2. BLEEDING PATTERNS
Perhaps nothing is more personal than your individual bleeding pattern. People with hemophilia bleed differently, in different places, from different causes. Once your child begins getting bleeds, notice his bleeding pattern, if any. This is where you can really help your HTC team personalize your treatment. The information you share can help prevent a target joint from starting, or can compel the HTC team to put your child on prophy.
You may hear severity levels described like this: Children with severe hemophilia will bleed from trauma, or spontaneously, with no known trauma. Children with moderate hemophilia may bleed on average once a month, with known trauma. Children with mild hemophilia may bleed only after dental extractions and surgery. But what’s the reality? Some children with severe hemophilia bleed only monthly; some with moderate bleed every week, with no known trauma. Your child’s bleeding is unique!
And know his personal symptoms of a bleed: Tingling? Hot? Swollen? Your HTC staff can help you identify symptoms, so you can infuse more quickly at the first sign of a bleed.
3. ESTABLISH A TREATMENT REGIMEN
Personalized healthcare really shines when it’s time to devise a treatment plan. You can use the new, subcutaneous novel therapy. Or you have two options for infusing factor: on-demand (also called episodic) or prophylaxis. On-demand means infusing at the first sign of a bleed. Prophy is the scheduled infusing of factor. It’s designed to keep factor levels in the bloodstream high enough—greater than 1%—to prevent most spontaneous bleeds.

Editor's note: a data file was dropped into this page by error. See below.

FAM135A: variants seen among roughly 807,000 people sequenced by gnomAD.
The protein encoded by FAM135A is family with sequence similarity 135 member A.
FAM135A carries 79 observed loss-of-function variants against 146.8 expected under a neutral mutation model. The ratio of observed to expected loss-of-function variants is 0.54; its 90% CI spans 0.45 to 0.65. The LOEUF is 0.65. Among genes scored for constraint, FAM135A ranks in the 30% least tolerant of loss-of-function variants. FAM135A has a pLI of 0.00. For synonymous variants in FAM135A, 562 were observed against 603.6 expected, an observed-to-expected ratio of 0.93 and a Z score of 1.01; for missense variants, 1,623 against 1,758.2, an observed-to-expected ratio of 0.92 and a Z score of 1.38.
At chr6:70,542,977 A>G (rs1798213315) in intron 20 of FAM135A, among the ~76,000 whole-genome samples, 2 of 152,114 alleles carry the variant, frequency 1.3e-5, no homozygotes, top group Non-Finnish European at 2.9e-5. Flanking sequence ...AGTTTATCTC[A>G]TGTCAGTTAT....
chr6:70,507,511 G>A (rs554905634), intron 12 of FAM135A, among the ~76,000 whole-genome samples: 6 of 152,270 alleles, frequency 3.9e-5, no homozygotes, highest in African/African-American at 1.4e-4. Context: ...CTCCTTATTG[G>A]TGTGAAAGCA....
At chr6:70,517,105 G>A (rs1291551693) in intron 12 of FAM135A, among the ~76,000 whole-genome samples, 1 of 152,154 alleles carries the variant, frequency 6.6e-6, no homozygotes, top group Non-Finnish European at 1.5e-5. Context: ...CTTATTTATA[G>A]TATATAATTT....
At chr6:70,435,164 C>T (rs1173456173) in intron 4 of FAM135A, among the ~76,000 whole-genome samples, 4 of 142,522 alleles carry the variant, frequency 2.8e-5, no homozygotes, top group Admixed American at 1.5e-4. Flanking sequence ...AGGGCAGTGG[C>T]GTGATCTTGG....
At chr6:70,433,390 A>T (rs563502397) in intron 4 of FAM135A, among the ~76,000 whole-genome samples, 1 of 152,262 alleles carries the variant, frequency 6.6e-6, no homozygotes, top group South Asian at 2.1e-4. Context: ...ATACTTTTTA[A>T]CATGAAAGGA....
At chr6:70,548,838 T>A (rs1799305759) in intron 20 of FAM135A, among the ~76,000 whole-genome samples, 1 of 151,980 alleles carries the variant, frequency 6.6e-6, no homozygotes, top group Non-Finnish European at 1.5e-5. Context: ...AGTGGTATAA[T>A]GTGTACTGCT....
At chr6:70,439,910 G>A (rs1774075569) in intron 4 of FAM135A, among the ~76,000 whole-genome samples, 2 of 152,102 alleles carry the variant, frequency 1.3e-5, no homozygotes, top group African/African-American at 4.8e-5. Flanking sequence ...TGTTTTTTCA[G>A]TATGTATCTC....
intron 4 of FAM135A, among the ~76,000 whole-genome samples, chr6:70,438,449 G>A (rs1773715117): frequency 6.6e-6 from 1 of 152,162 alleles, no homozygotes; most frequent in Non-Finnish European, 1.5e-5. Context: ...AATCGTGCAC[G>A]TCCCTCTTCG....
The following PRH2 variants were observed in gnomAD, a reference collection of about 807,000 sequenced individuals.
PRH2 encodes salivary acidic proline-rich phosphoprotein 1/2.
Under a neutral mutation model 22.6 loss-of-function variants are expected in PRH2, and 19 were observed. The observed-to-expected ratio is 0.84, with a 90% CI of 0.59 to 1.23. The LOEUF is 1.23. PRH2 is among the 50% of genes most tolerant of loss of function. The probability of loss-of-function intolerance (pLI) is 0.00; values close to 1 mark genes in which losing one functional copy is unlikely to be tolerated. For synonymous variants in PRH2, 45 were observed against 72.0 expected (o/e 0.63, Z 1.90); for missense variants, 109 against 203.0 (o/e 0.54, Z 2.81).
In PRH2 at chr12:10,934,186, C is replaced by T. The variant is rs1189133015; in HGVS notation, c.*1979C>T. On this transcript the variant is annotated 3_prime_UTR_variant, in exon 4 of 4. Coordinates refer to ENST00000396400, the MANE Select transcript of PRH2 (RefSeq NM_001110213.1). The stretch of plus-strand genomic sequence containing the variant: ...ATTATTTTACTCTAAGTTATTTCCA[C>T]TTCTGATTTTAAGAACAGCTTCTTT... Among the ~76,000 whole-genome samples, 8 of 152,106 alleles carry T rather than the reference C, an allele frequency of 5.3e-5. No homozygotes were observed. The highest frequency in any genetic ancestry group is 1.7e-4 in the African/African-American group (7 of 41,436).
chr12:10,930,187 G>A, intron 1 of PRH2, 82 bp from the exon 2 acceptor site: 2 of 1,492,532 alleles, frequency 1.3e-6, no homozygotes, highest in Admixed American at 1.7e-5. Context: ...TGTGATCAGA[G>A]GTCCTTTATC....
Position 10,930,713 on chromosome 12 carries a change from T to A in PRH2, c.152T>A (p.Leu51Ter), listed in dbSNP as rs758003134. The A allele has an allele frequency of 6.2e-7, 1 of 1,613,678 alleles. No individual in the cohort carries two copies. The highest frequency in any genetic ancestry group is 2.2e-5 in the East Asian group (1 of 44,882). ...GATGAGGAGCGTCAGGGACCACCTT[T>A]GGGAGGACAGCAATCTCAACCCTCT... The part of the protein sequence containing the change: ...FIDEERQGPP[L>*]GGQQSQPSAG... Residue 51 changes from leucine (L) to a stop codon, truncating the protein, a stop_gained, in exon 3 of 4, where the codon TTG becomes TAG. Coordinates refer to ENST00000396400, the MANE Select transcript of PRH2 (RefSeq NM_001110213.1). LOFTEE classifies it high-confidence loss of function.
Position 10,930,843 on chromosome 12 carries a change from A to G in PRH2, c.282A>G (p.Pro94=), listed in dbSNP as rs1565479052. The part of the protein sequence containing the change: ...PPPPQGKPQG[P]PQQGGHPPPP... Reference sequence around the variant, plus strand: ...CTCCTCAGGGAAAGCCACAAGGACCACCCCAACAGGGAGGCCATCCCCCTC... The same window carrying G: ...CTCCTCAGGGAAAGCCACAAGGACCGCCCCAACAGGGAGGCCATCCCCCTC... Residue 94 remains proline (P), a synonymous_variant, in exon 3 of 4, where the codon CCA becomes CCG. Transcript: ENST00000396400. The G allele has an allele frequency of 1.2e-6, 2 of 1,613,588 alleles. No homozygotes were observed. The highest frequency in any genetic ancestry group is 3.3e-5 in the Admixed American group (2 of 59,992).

Prophy is the recommended therapy for children with hemophilia in countries like the US with ready access to clotting factor.
And what about your schedule for prophy? This is about as personal as PHC gets! Your HTC team will offer a schedule based on your child’s needs: your family lifestyle, activity level, perhaps pharmacokinetics (PK) data to determine how quickly factor is cleared from the blood after an infusion, and any breakthrough bleeding that might happen.
4. DISCUSS PERSONALIZED MEDICINE
Personalized healthcare is not the same as personalized medicine, a common term. Personalized medicine often refers to using a person’s genetic profile—genomes and specific genetic markers—to guide therapy for cancer and other diseases and disorders, including hemophilia. But PHC includes personalized medicine, and it’s worth discussing with your HTC team because more and more, the hemophilia community is focusing on personalized medicine.
National Hemophilia Foundation (NHF) recognized the importance of this genetic research and launched My Life, Our Future (MLOF). Through this program, you can get a blood test that enables you to learn more about the specific genetic mutation that caused your child’s hemophilia.
So PHC uses personalized medicine to examine your genetic makeup, help predict which medical disorders or diseases your child is most at risk for, and suggest which treatments will be safe and effective (or not) for him. This is particularly important for complications like the risk of getting inhibitors.
We’ve shown you examples of treatment and lifestyle areas to focus on, potential needs to address, and questions to ask your HTC team to design the best life possible with your bleeding disorder. Your HTC team will become one of your most important partners.